By Sean Ryan
The people of County Tipperary have vowed to save their local community after nearly 2,000 people attended a meeting in the Anner, Thurles, last night to protest at the huge increase in rural crime.
Mary Morrissey was speaking at the meeting on rural crime in Tipperary last night.
Mrs Morrissey is a widow, whose rural home was burgled, and has said she now sleeps with a shotgun beside her bed.
Mary Morrissey told Tipp FM and those gathered at the meeting that her life has changed since she was robbed
“I never thought I would be going to bed at night with a gun in one corner and cartages in the room next door. What they took was only material things a couple thousand euros worth,” Mrs Morrissey said.
“They were items which were of sentimental value, they belonged to my late husband.
“I live on my own now, I know all the soaps on at night-time because I stay up at night-time and I might go to bed around 4am.”
I saw ministers here tonight and I would love to send a letter with them: Dear Enda and Ms Fitzgerald, you have failed us.”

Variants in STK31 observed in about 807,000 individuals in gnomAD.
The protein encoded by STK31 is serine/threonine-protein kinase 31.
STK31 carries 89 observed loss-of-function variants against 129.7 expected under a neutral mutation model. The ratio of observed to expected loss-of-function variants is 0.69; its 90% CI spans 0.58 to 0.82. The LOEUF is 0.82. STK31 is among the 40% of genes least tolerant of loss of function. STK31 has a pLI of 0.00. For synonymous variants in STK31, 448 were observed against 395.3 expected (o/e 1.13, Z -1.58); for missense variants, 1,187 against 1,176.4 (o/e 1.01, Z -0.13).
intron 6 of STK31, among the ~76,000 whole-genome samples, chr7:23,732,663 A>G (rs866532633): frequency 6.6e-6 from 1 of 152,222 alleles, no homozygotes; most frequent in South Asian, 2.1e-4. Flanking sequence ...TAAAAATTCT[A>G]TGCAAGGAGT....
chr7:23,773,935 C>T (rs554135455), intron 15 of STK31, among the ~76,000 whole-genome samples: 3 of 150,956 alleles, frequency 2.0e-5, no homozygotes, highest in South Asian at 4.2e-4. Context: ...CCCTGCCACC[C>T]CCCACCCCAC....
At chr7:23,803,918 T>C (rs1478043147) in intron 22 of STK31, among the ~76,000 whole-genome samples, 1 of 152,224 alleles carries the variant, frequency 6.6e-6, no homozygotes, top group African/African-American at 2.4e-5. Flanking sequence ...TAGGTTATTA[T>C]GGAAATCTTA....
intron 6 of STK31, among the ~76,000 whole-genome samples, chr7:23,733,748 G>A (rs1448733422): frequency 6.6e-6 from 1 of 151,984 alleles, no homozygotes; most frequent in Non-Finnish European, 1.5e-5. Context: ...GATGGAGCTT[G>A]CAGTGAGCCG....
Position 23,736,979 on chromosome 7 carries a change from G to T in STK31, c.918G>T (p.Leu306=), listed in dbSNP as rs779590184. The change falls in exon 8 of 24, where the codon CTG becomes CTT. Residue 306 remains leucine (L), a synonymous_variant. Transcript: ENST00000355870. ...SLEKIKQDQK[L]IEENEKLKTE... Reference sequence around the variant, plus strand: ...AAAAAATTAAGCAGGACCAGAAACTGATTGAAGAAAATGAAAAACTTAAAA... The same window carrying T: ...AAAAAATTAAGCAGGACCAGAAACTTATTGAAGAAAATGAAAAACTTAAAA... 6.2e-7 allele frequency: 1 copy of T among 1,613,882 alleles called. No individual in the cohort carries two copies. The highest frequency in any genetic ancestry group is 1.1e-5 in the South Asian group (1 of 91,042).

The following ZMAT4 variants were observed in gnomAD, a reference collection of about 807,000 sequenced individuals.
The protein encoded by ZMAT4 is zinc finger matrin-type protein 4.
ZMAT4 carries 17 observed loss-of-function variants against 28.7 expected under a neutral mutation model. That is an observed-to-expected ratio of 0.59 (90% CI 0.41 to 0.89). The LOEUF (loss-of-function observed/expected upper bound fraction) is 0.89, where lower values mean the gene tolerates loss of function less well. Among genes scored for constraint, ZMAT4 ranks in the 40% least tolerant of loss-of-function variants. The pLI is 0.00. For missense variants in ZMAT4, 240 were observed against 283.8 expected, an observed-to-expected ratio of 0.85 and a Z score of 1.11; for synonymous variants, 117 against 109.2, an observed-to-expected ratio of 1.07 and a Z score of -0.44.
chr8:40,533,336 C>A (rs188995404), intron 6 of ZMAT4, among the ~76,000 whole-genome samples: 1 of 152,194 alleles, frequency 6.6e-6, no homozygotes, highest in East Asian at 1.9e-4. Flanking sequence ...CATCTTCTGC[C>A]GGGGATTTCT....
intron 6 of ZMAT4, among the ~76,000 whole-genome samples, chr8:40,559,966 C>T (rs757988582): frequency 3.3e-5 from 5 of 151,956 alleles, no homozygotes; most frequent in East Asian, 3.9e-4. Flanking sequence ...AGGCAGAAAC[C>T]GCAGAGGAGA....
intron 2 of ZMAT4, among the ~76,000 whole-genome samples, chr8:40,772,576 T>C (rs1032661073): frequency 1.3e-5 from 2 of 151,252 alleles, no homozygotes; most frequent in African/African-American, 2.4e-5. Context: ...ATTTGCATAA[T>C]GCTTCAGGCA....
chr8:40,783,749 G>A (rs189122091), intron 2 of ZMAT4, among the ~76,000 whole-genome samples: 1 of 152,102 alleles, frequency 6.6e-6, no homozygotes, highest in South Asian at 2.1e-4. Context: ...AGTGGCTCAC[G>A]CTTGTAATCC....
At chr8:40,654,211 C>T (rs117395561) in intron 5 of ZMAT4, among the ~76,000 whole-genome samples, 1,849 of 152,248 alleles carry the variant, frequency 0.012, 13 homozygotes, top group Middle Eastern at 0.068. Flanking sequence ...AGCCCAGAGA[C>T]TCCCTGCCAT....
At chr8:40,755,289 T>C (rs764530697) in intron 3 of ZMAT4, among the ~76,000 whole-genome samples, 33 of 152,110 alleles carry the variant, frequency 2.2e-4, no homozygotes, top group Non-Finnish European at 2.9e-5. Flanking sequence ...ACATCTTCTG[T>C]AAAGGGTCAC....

In recent months a number of rural farms have been hit as well as well as elderly people been attacked in their homes.
The meeting which was chaired by crime journalist Paul Williams heard that thousands of euros of expensive tools and equipment have been stolen from farmers who live within a five mile radius of Thurles town.
There were several contributions from the floor on the impact of rural crime.
Speaking at the meeting which lasted for almost three hours Barry O'Gorman, a dairy farmer from Athnid in Thurles who has been a victim of crime on several occasions, said: "Dangerous criminals are taking advantage of the lack of rural policing.
"Local communities are now determined to organise a united front to tackle this growing crime wave."
He described how many families are taking “drastic measures” to protect both themselves and their property, something that has impacted heavily on the fabric of country life.
"For example a lot of people are getting automatic gates - it’s suddenly like everybody is living in a prison,” he said.
“Sometimes the gates into a farmyard are closed at all times - and are only opened when a family knows exactly who wants to enter.
"Neighbours can’t come to visit casually; they have to ring in advance and almost have to make an appointment in the interests of everybody's safety."
Locals have now set up a new organisation in conjunction with the Gardai called ‘Save Our Local Community’ which it hopes will combat local crime.